Inside Banks, Bitcoin Futures Are Riling Trading Executives

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  • Some say their desks are eager to wade into the new market
  • But many confidentially list concerns and unresolved questions

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Bitcoin is coming to Wall Street on Sunday, and some executives at the world’s biggest banks aren’t sleeping well.

With just a few days left until Cboe Global Markets Inc. debuts futures contracts on the cryptocurrency, many banks are still weighing whether to offer them to clients -- and if so, how to handle the mechanics. Several of the largest firms, including JPMorgan Chase & Co. and Citigroup Inc., aren’t immediately offering clearing of the futures as they wait to see how it will work, according to people briefed on the plans.

In interviews, some executives and traders said their desks are eager to get in on the action -- but most sounded cautionary notes, ticking off concerns and unanswered questions. Bitcoin’s violent price swings this week have made the new market look all the more dangerous.

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All of the people -- speaking from a half-dozen major firms -- asked not to be named, in some cases saying they’re worried about contradicting their bosses’ public statements. Others said it’s still too early to take a position. These are a few of their top concerns: 

Reputational Minefield

Some bank CEOs and industry leaders have spent months deriding bitcoin publicly -- “it’s a fraud,” “the very definition of a bubble” or an “index for money laundering” -- and who knows what they’ve said privately. Now, what will it look like if firms help clients into investments that blow up? How might internal commentary over the futures sound if it ever spills into legal cases? One executive, for example, privately referred to the cryptocurrency as “sh*tcoin.”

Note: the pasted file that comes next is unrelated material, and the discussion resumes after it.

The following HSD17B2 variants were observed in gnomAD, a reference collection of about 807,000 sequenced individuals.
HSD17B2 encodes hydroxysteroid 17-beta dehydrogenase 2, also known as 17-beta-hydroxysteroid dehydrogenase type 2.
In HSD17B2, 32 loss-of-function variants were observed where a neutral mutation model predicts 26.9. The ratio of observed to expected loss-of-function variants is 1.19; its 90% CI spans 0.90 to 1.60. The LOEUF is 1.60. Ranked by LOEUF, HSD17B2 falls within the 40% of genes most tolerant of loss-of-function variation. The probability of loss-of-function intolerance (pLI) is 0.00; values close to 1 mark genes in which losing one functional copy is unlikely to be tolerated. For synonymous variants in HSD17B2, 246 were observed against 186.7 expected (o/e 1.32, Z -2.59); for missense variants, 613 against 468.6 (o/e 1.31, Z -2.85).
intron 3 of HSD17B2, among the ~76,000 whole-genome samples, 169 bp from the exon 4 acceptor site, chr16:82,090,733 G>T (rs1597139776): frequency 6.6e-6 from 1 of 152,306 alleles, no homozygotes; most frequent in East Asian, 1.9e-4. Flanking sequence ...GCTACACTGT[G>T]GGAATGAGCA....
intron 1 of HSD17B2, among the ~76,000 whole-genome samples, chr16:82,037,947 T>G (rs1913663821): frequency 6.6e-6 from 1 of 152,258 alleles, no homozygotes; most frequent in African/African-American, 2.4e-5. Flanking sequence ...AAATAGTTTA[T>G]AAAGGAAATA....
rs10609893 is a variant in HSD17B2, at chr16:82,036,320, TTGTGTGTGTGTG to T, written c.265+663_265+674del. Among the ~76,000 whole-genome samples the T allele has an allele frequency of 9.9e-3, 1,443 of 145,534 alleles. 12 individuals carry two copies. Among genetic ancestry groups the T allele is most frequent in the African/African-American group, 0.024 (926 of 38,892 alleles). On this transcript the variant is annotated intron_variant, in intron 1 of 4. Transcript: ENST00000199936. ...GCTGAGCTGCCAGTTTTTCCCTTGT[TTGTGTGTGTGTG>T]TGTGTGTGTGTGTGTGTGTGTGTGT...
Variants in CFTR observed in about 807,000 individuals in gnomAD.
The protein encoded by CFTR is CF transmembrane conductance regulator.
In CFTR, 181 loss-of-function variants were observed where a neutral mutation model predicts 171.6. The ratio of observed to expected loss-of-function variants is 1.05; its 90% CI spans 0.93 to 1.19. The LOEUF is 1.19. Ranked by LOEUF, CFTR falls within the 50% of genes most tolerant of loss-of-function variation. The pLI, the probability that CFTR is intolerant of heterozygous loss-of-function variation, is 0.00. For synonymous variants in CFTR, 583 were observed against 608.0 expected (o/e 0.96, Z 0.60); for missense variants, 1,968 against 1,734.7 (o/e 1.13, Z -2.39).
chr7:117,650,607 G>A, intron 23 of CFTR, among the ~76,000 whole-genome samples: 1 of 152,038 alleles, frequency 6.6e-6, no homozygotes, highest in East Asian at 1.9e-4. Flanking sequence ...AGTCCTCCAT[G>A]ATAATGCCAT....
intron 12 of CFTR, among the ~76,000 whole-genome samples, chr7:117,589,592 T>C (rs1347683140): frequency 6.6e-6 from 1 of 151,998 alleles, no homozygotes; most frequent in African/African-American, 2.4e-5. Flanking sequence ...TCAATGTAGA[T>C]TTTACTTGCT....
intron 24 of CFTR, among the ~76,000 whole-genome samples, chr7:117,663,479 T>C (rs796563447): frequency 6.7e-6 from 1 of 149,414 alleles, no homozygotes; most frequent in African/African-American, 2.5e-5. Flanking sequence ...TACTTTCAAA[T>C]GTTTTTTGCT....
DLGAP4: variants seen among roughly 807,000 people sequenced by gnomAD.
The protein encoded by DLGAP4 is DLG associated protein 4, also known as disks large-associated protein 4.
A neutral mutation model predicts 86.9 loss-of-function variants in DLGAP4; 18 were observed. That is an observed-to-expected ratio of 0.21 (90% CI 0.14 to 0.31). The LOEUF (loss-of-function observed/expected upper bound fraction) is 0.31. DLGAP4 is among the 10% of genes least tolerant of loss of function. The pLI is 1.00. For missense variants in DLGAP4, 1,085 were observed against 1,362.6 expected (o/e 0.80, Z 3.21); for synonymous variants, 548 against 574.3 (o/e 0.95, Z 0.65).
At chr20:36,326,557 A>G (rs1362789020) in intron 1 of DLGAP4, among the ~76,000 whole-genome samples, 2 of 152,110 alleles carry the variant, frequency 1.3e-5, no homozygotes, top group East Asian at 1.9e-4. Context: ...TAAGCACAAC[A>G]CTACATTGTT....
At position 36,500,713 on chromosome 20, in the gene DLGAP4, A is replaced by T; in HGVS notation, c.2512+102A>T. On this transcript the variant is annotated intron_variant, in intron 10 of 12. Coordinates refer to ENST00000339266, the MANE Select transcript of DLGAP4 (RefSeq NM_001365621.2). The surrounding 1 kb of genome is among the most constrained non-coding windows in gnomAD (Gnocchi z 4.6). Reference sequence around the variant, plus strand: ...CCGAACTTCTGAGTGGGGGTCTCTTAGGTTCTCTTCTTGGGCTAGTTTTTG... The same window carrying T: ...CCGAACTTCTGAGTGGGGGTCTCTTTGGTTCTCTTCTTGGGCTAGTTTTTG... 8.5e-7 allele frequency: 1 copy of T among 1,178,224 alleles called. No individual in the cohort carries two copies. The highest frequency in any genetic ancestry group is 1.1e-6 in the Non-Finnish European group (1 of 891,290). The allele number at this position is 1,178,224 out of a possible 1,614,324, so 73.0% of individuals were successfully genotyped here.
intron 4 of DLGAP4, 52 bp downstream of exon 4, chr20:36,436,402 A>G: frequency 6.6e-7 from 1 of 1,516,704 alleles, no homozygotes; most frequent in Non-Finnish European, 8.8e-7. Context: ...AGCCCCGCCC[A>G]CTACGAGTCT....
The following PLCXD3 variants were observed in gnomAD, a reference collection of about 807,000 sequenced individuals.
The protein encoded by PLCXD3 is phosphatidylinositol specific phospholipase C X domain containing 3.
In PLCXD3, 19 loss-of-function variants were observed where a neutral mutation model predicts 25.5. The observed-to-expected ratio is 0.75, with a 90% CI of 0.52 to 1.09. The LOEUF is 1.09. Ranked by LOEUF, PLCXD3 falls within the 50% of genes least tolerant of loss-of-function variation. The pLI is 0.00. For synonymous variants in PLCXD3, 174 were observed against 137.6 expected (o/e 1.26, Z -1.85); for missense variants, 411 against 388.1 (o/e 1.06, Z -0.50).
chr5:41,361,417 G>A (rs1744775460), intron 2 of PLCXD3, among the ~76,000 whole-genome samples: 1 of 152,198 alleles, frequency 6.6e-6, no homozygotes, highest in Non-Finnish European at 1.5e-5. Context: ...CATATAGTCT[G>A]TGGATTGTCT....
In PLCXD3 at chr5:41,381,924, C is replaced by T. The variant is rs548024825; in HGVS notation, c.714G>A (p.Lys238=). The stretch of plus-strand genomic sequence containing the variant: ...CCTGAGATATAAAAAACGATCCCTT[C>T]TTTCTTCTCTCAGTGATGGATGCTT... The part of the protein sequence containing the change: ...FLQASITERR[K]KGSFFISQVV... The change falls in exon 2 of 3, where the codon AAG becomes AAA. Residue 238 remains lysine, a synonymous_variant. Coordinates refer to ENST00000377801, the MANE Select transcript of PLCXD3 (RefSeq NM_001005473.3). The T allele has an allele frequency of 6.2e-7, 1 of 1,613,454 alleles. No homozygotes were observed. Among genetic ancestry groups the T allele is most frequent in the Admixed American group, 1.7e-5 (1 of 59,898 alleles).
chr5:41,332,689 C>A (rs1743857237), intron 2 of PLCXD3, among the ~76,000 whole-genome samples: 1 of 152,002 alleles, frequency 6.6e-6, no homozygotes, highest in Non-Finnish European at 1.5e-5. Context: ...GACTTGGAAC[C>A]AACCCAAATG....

Which Desk?

Enthusiasts say bitcoin is a currency. The Commodity Futures Trading Commission says it’s a commodity. So does Goldman Sachs Group Inc. So it may seem natural for trading desks in those markets to handle the new contracts. But one executive said there’s at least an argument to be made that equities desks (and delta one traders specifically) are used to the math: Bitcoin is like a volatile stock, and futures, at least in some ways, are like the options that track it.

Violent Volatility

When asset prices are steady, it’s relatively straightforward for banks to make markets: Help a customer buy or sell an asset, and then take some time to find another client who wants to take an opposite position. But bitcoin is too radioactive for banks to hold -- it swings wildly within minutes and there’s no established model to account for it on the balance sheet. So banks will try to clear the new contracts, matching one investor with another. That can be tough. A few traders, for example, said many clients are only interested in shorting. That can make for a pretty hard day at the office: Without longs, the trades may be costly and hard to set up.

Dangers in Clearing

This was laid out in a letter this week from the Futures Industry Association, which said Cboe and larger exchange operator CME Group Inc. are rushing the futures to market without a proper consideration of the risks. The trade group, made up of some of the world’s largest derivatives brokerages, said it was concerned that the cryptocurrency’s extreme volatility could lead investors to default if prices swing. That could sting firms that clear the contracts.

Arriving Late

It’s going to be tough for big bureaucratic banks to figure out all of these mechanics -- and their own stomach for the business -- on a tight schedule. A person close to Goldman Sachs said on Thursday it will initially clear bitcoin contracts for certain clients on a case-by-case basis. Dutch lender ABN Amro Group NV said it will clear the futures for some clients who request specific approval, and said it has received fewer than 10 requests so far.

Bank of America Corp., Morgan Stanley and Royal Bank of Canada are in the camp with JPMorgan and Citigroup, deciding not to offer clearing right away, people briefed on their plans said. At some other firms, executives said they may enter when ready. So if they do choose to wade in, it’ll be smooth. But will a small presence from big players give an advantage to nimbler, risk-friendly firms that embrace the new market out of the gate?

— With assistance by Doug Alexander, Wout Vergauwen, and Hugh Son

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